Of hairclips and coronavirus - how contact clustering may allow a partial lockdown exit for young kids

Prof Stefan Flasche
Child playing on seesaw

Parenting is a steep learning curve for everyone. For me, this includes newly acquired skills for long hair management of my four year old daughter, Isabella. Hair clips are a key accessory for that. The problem with hair clips is that they are easy to lose and impossible to track down again - at the end of the day they could be at school, at a friends house, music class, or the swimming pool lockers. 

The lockdown due to the ongoing coronavirus pandemic has largely mitigated this problem. These days, lost hair clips really must be somewhere at home. However, being confined to home presents other problems. While I miss my weekly squash sessions, I am lucky that home isolation is largely a nuisance for me. For Isabella it is much more than that. 

At four years old she has been missing her friends from day one of the lockdown and, unlike some teenagers, she does not communicate well digitally. Before an age at which (from my perspective) communication is done largely via cryptic acronyms and emojis on ever changing social media platforms even pre-pandemic, her social life is very much centered around close physical contact with her best friends.

We are doing the best we can to keep her entertained at home and during the once-a-day outdoor exercise sessions, but extending our current “no contact beyond the household” lifestyle to include one or two of Isabella's closest friends would tremendously help her mental health and social development. It also comes at only little additional risk of losing hair clips. 

Better yet, if these one or two friends would also exclusively play within this playgroup cluster, then a found hair clip would be easily returned to the rightful owner, because there is little chance that hair clips of children from other play groups would add confusion.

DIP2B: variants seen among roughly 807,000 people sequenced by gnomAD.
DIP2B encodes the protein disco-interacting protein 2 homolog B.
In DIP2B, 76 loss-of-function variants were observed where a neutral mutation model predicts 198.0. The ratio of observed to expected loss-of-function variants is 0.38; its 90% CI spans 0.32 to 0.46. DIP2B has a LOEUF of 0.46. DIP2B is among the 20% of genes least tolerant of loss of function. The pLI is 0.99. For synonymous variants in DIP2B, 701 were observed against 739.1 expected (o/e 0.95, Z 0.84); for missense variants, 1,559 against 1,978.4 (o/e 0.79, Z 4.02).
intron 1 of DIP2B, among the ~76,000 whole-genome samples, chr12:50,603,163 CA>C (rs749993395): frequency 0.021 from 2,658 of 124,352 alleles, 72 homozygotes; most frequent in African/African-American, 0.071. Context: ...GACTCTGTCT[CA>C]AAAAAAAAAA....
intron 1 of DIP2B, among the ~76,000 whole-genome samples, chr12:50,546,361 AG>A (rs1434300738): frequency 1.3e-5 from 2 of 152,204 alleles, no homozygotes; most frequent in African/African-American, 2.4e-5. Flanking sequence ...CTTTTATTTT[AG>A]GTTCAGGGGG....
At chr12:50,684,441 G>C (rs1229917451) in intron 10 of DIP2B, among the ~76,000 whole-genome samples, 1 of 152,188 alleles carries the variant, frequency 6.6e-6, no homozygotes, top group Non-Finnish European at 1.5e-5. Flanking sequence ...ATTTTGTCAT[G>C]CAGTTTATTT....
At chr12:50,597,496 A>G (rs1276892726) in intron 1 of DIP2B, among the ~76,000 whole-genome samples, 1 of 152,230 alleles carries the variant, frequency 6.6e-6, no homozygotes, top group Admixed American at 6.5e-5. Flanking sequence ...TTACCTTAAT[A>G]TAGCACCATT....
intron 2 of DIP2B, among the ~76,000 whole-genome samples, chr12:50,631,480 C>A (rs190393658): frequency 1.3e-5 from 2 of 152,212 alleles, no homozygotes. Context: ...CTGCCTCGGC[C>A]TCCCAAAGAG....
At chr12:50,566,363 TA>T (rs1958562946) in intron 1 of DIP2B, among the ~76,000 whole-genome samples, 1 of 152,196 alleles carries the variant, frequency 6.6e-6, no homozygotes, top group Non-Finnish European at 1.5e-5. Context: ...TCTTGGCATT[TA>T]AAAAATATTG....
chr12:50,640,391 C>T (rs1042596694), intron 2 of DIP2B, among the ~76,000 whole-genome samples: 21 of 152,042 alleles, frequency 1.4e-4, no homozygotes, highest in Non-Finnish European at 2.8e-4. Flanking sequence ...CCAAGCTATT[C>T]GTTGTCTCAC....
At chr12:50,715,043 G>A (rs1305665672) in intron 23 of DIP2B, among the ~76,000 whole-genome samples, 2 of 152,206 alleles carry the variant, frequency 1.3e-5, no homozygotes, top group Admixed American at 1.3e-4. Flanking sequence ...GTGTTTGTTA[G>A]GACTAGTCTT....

As you may have guessed, I am actually not that concerned about hair clips. Mitigating the spread of coronavirus, however, involves similar considerations. We all need to reduce our contacts as much as possible to help slow down the spread of the virus. The contacts that we cannot avoid are largely household based. If we keep our contacts largely within the household there is a limited risk that the virus enters or leaves the household. 

This principle could similarly apply to small size and fixed children’s play groups. The agreement of exclusivity in this is central to success, as it limits the risk for transmission chains. As a result, such social contact clustering for children would allow them to mingle with their friends while only adding a rather marginal risk for coronavirus infection from, or transmission to, those outside of the play group and their respective households.

Going even further, there is potential for this household based clustering strategy to be applied to non-child households who are similarly struggling from a lack of direct social contacts as the lockdown restrictions begin to relax. This may include loneliness stricken single person households or the ability to visit family, but the same principle applies: exclusiveness is important for a sustained interruption of transmission chains. 

In the coming weeks the team of modellers at LSHTM will quantify the trade-off that these potential relaxations of the current lockdown would imply.

As the UK government announces at least three more weeks of lockdown, and with little reason to believe that in three weeks time the coronavirus threat will have subsided, (play group) clustering could present a more sustainable way forward to keep families with young children and others sane and safe.

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